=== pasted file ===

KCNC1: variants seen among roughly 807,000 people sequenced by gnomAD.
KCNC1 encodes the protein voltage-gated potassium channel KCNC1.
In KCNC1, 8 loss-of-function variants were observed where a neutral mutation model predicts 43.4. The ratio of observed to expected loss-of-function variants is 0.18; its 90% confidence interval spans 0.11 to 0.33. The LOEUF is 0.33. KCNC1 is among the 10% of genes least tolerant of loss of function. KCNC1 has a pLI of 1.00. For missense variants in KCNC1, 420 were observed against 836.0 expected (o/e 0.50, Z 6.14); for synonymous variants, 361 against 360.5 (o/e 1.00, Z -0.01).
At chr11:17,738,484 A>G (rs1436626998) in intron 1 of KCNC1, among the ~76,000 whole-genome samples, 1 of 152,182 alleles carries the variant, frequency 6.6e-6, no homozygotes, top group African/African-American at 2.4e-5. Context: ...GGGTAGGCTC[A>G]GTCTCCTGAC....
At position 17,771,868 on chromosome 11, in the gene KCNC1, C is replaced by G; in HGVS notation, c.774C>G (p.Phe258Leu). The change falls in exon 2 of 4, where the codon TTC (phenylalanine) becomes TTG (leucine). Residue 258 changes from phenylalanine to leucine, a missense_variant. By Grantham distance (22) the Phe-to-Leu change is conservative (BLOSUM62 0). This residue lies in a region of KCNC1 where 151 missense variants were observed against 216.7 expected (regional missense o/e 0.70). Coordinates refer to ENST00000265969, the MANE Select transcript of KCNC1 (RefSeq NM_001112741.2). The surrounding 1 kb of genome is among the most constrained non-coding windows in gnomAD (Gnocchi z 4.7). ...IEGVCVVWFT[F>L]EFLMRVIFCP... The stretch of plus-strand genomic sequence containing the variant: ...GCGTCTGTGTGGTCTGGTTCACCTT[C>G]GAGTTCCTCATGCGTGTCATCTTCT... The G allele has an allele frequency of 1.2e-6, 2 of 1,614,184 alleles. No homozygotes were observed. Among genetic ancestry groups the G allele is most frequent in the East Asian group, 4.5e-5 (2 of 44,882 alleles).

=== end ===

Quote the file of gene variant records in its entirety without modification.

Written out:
KCNC1: variants seen among roughly 807,000 people sequenced by gnomAD.
KCNC1 encodes the protein voltage-gated potassium channel KCNC1.
In KCNC1, 8 loss-of-function variants were observed where a neutral mutation model predicts 43.4. The ratio of observed to expected loss-of-function variants is 0.18; its 90% confidence interval spans 0.11 to 0.33. The LOEUF is 0.33. KCNC1 is among the 10% of genes least tolerant of loss of function. KCNC1 has a pLI of 1.00. For missense variants in KCNC1, 420 were observed against 836.0 expected (o/e 0.50, Z 6.14); for synonymous variants, 361 against 360.5 (o/e 1.00, Z -0.01).
At chr11:17,738,484 A>G (rs1436626998) in intron 1 of KCNC1, among the ~76,000 whole-genome samples, 1 of 152,182 alleles carries the variant, frequency 6.6e-6, no homozygotes, top group African/African-American at 2.4e-5. Context: ...GGGTAGGCTC[A>G]GTCTCCTGAC....
At position 17,771,868 on chromosome 11, in the gene KCNC1, C is replaced by G; in HGVS notation, c.774C>G (p.Phe258Leu). The change falls in exon 2 of 4, where the codon TTC (phenylalanine) becomes TTG (leucine). Residue 258 changes from phenylalanine to leucine, a missense_variant. By Grantham distance (22) the Phe-to-Leu change is conservative (BLOSUM62 0). This residue lies in a region of KCNC1 where 151 missense variants were observed against 216.7 expected (regional missense o/e 0.70). Coordinates refer to ENST00000265969, the MANE Select transcript of KCNC1 (RefSeq NM_001112741.2). The surrounding 1 kb of genome is among the most constrained non-coding windows in gnomAD (Gnocchi z 4.7). ...IEGVCVVWFT[F>L]EFLMRVIFCP... The stretch of plus-strand genomic sequence containing the variant: ...GCGTCTGTGTGGTCTGGTTCACCTT[C>G]GAGTTCCTCATGCGTGTCATCTTCT... The G allele has an allele frequency of 1.2e-6, 2 of 1,614,184 alleles. No homozygotes were observed. Among genetic ancestry groups the G allele is most frequent in the East Asian group, 4.5e-5 (2 of 44,882 alleles).